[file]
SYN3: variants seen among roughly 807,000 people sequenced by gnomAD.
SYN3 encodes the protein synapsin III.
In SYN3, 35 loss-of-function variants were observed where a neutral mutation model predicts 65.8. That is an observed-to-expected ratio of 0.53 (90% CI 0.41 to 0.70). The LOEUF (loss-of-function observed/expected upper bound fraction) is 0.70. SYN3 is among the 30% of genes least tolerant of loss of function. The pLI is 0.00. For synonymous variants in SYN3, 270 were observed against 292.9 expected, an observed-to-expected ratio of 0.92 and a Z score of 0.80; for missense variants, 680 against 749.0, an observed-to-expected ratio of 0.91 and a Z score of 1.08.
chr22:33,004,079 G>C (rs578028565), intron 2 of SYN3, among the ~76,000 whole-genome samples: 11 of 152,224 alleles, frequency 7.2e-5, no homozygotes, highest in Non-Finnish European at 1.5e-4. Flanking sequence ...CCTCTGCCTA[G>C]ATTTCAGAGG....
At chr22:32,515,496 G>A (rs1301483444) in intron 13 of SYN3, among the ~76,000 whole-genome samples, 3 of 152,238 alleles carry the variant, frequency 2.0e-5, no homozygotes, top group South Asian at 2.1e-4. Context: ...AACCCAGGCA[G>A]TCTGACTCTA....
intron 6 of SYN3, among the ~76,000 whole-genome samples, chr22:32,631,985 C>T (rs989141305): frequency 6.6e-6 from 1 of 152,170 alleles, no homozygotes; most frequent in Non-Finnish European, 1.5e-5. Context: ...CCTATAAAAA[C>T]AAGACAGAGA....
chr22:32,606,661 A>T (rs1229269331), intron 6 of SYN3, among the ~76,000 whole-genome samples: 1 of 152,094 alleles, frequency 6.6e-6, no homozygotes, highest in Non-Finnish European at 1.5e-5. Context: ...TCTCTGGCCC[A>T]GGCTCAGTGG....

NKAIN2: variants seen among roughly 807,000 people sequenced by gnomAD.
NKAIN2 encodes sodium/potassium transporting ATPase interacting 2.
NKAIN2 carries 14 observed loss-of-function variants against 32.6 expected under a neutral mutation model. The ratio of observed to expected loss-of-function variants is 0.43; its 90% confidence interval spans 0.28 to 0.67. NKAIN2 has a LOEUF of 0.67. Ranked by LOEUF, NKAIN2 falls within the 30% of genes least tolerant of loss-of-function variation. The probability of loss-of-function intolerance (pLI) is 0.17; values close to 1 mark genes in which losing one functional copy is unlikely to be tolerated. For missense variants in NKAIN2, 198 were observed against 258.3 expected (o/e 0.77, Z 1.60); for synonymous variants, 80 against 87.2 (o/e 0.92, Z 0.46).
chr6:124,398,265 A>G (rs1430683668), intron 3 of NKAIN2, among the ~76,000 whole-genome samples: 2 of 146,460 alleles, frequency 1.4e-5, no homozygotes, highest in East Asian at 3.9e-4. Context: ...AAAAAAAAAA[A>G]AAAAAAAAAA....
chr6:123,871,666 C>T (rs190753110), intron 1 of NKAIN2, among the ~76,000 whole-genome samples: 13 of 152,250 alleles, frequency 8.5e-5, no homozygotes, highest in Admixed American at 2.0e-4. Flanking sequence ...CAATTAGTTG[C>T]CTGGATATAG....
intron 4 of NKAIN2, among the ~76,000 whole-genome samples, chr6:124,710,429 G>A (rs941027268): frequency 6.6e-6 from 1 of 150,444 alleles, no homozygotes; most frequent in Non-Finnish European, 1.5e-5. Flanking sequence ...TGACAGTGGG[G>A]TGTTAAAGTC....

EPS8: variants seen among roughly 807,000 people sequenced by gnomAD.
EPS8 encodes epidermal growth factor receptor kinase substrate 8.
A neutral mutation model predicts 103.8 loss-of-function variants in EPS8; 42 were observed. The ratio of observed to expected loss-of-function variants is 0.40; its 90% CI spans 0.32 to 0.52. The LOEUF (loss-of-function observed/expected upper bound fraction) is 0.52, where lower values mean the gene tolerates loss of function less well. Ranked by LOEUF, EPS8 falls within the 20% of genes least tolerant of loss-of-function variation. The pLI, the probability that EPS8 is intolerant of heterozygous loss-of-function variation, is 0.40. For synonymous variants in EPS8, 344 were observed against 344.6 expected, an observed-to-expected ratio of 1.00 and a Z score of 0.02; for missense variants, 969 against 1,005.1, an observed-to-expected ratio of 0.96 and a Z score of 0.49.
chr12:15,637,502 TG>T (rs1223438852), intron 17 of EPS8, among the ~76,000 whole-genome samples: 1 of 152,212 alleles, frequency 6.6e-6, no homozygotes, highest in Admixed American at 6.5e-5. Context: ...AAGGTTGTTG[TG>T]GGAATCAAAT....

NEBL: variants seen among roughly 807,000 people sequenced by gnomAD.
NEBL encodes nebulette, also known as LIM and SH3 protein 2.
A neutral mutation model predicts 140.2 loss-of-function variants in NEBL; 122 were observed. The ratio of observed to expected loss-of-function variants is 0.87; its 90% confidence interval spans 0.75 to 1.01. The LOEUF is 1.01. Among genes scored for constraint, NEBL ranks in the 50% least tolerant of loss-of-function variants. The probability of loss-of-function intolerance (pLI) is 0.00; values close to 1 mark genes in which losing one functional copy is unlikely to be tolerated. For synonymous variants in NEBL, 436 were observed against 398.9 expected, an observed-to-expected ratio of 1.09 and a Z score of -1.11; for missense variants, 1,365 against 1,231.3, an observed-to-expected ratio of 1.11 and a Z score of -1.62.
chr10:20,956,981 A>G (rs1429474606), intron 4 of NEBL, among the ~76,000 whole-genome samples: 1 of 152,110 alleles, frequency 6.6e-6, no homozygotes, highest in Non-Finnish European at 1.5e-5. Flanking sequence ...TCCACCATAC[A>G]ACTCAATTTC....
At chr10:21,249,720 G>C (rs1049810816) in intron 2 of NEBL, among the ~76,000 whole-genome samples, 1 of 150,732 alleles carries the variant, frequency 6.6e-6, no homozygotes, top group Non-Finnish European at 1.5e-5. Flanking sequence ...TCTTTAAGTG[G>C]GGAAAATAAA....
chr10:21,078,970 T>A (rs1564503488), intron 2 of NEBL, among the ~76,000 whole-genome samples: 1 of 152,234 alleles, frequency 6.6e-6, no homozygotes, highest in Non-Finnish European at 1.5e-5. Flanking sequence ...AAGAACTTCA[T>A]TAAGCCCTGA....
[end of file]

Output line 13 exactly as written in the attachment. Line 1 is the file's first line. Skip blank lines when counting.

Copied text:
intron 4 of NKAIN2, among the ~76,000 whole-genome samples, chr6:124,710,429 G>A (rs941027268): frequency 6.6e-6 from 1 of 150,444 alleles, no homozygotes; most frequent in Non-Finnish European, 1.5e-5. Flanking sequence ...TGACAGTGGG[G>A]TGTTAAAGTC....